15 May 2024

Coming Soon: the Bladeless Swiss Army Knife

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Swiss Army Knife Champ.

The Guardian reports that, in response to the ever-shrinking range of personal liberty in European countries, Victorinox has plans underway for a new line of neutered, i.e. knifeless, pocket knives.

For more than a century, the Swiss army knife has been an essential piece of kit for everyone from picnickers and equestrians, to golfers and astronauts.

But now the maker of the pocket-knife, with its red or blue shell and multiple tools, has bowed to what an English judge last week called the “plague of knife crime” by designing a new range without blades.

In response to an increasing number of countries imposing bans or restrictions on carrying knives, Victorinox, the Swiss firm that produces the pocket tools, is in the early stages of developing the first range of bladeless products designed specifically for activities where a blade would not be required.

“We’re concerned about the increasing regulation of knives due to the violence in the world,” said Carl Elsener, the fourth-generation CEO of the family-run company.

“In some markets, the blade creates an image of a weapon. I have in mind creating a tool that would be useful for cyclists. Cyclists have a need for specific tools but not necessarily a blade,” he said. “We already have a tool specifically for golfers.”

Last week, Mr Justice Saini blamed the “plague of knife crime” in Bristol and surrounding areas for the murder of 16-year-old Mikey Roynon, a talented teenage rapper stabbed in the neck at a house party in Bath.

The same week, a 15-year-old boy who stabbed another teenager in the heart in full view of pupils leaving a primary school in Leeds, was found guilty of murder. …

Under UK law, a person can only carry a knife in public if it has a folding blade that is less than 3in (7.62cm) long.

For all other knives, it is illegal to carry them in public without a good reason, which can include needing the knife for work, wearing it as part of a national costume or for religious reasons, such as the curved kirpan knife carried by some Sikhs.

Elsener said Victorinox was responding to the tightening of regulations by developing blade-less tools for specific outdoor activities or sports.

Victorinox produces about 10m of the pocket tools each year. There are about 400 different types to choose from, including one that boasts 73 functions. They have even been carried into space by Nasa astronauts.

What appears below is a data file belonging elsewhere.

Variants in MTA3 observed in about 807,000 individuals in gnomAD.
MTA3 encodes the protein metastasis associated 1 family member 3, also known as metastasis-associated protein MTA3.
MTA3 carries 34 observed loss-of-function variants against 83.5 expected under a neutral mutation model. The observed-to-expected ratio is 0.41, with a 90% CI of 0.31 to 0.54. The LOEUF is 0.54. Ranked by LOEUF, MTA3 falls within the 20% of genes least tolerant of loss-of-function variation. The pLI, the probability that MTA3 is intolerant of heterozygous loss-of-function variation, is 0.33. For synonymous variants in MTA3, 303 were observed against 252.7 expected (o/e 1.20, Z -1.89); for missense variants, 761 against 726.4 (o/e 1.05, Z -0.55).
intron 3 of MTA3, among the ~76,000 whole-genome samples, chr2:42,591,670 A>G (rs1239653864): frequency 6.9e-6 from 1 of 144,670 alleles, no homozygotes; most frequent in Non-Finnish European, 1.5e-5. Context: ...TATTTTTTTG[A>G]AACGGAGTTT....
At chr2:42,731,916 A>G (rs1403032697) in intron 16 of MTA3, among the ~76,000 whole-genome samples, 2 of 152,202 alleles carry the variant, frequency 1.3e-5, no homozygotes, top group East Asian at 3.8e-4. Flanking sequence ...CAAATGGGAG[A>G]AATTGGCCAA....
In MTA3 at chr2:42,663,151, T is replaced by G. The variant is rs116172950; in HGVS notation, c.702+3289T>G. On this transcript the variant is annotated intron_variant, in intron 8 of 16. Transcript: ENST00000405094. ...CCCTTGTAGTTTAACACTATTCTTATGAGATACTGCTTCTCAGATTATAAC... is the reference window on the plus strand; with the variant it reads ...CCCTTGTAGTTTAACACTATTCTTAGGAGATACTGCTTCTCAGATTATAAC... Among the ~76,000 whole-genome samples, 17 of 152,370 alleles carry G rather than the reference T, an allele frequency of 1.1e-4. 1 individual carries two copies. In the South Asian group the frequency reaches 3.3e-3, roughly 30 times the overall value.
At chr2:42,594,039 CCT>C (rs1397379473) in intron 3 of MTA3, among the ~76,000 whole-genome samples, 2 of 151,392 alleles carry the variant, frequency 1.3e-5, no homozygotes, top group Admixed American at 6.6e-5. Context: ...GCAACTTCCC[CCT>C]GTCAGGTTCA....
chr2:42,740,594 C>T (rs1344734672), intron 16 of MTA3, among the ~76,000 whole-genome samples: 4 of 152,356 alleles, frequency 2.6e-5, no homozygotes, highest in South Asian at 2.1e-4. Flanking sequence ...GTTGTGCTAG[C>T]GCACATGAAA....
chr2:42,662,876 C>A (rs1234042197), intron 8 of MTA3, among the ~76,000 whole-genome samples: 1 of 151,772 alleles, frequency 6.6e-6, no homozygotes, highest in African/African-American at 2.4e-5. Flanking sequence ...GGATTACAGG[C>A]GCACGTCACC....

However, until now they have always had at least one blade.

The company has already had to adapt its products to tightened restrictions on carrying knives and in the aftermath of 9/11 the company’s sales fell by 30%.

Even in Switzerland, the home of the brand, there has been discussion about what people are permitted to carry. In 2016, there was a parliamentary debate about banning blades longer than 5cm. One MP even asked: “Will the famous Swiss army knife be forbidden?” The proposed amendment was dropped.


4 Feedbacks on "Coming Soon: the Bladeless Swiss Army Knife"


I’ve been carrying a pocket knife since I was about 6 years old. Now the most common question I am asked is “do you have your pocket knife?” Usually asked by my grandchildren.


Yes I have carried a pocket knife for about 75 years now. The first thing I remember doing with it was to cut myself; lesson learned, haven’t cut myself with it since. In 1975 I was flying from Texas to Alaska in the military and in uniform. A pre TSA checkpoint had me empty my pockets and a buck Wrangler was there. The lady picked it up and opened the larger blade and laid it across her palm and at close to 4 inches it stuck out past her palm. She looked at me, looked back at the knife and then folded it and gave it back to me, no problem. In 1991 I was flying from California to Seattle and in the airport I walked past the boarding area and saw a small trash bin with a few knives and other assorted banned items in it and realized I had my favorite pocket knife with me. I stepped outside the terminal and at a row of hedge I dug a small hole and put my knife in it and board my plane. A week later I got back to California and found my knife untouched and in perfect condition. I have lost knives over the years, some of my favorites. Never lost one from blue jeans but dressier pants seem to shed them from the pockets if you make the mistake of reaching into your pocket for something while seated. So I recently lost a favorite knife. Which forced me to look through my dresser and I found my very first knife from 1949 and that is the one I am carrying today. It was interesting to pick it up again and think about the fish I have cleaned and the food I had cut with it not to mention carving and throwing. Man’s very first most useful tool.

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Fusil Darne

The only “tool” I need on a pocket knife, is, well, the knife.
Like others, I’ve had a variety of them since I was a child, and feel naked without it. It would be next to impossible to live my tradesman/outdoorsman life without a sharp example in my pocket.
I think less of men who don’t have one.


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